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Voice Crystal Merger Plus

MIDI Merge Box

Two into one will go...



FACT: MIDI data comprises various commands, most of which require more than a single byte.

PROBLEM: Mixing together two streams of MIDI data cannot be achieved by simply interlacing the bytes involved.

RESULT: All bytes for a particular message must be kept together.

SOLUTION: A MIDI merger must be an intelligent device with an internal processor capable of preserving the independence of data streams - hence the price tag.

There are various scenarios which call for the use of a MIDI merger. In the case of live performance, for example, you may wish to use two keyboards or a keyboard and a sequencer which are sharing common sound modules. In the studio, you might find it necessary to edit tones on a sound module while also playing it from a keyboard. Alternatively, you may wish to merge sync data with other MIDI data when using SMPTE to MIDI Time Code or FSK to MIDI Clock converters which do not have a merge option built in. In fact, the more you think about it the more indispensable a MIDI merge box seems to become.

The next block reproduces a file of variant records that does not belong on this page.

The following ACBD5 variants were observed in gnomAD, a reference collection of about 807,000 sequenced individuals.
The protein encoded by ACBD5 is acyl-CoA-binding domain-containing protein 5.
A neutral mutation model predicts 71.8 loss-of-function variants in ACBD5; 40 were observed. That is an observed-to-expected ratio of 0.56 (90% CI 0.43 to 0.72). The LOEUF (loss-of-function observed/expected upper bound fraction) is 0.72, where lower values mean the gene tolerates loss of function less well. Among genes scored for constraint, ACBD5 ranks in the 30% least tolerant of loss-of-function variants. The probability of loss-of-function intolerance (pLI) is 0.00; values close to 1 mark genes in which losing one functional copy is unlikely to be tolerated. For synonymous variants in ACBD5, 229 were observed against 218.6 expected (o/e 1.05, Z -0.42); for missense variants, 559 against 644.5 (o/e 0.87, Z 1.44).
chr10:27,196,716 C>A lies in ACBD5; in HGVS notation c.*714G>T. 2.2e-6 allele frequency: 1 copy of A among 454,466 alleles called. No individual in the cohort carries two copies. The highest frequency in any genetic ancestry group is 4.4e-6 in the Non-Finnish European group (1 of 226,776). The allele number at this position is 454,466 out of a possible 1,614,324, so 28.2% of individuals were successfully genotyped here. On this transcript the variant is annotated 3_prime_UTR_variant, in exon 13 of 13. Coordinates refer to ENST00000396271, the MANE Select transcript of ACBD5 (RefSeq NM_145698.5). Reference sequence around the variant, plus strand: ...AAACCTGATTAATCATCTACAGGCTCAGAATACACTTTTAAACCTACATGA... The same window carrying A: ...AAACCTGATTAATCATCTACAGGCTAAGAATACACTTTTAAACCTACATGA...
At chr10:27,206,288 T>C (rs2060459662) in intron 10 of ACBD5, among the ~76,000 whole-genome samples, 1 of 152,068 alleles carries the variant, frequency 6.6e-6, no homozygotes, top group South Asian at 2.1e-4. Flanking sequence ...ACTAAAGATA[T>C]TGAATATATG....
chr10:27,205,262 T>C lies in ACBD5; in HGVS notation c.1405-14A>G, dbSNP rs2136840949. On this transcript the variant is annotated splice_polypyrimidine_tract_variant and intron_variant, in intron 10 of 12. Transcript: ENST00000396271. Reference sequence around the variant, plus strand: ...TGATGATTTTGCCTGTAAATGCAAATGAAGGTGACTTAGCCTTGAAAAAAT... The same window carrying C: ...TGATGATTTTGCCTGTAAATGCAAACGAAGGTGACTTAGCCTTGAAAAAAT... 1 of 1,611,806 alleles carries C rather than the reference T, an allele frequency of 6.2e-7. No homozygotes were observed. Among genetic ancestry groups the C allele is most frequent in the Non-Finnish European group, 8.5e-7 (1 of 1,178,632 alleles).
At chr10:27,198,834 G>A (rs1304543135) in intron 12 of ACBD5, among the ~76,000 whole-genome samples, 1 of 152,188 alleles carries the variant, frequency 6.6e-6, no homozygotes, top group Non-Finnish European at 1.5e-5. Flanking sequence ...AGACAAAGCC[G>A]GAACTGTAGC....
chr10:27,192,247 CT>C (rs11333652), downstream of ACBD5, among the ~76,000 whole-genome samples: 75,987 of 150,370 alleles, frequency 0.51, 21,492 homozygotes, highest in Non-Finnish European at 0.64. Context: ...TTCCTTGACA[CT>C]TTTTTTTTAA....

A few years ago, a Canadian company called Anatek bought out a range of MIDI gadgets called 'Pocket' products. Amongst them was a small two-into-one merger which, like the other devices in the range, derived its power from the voltage carried in the MIDI line. Taking their lead from this earlier product, Eye & I Productions of the USA have just brought out a similar device, called the Voice Crystal Merger Plus which feeds two inputs (INI & IN2) into a single output. It's a compact little unit measuring approximately, 8 x 6 x 3cm, and has a Reset button and an LED which is usually on but turns off when MIDI data is being processed.

Reflecting its simple design, the Merger Plus is quite straightforward in use and will happily merge two streams of MIDI note information without any audible delays. Indeed, on testing, the delay between a MIDI note at the input and its arrival at the output was found to be in the 15-30 micro-second range - which is quite inaudible. The Merger Plus transmits all data under Running Status which, for the uninitiated, is an effective data compression system included in the MIDI Specification.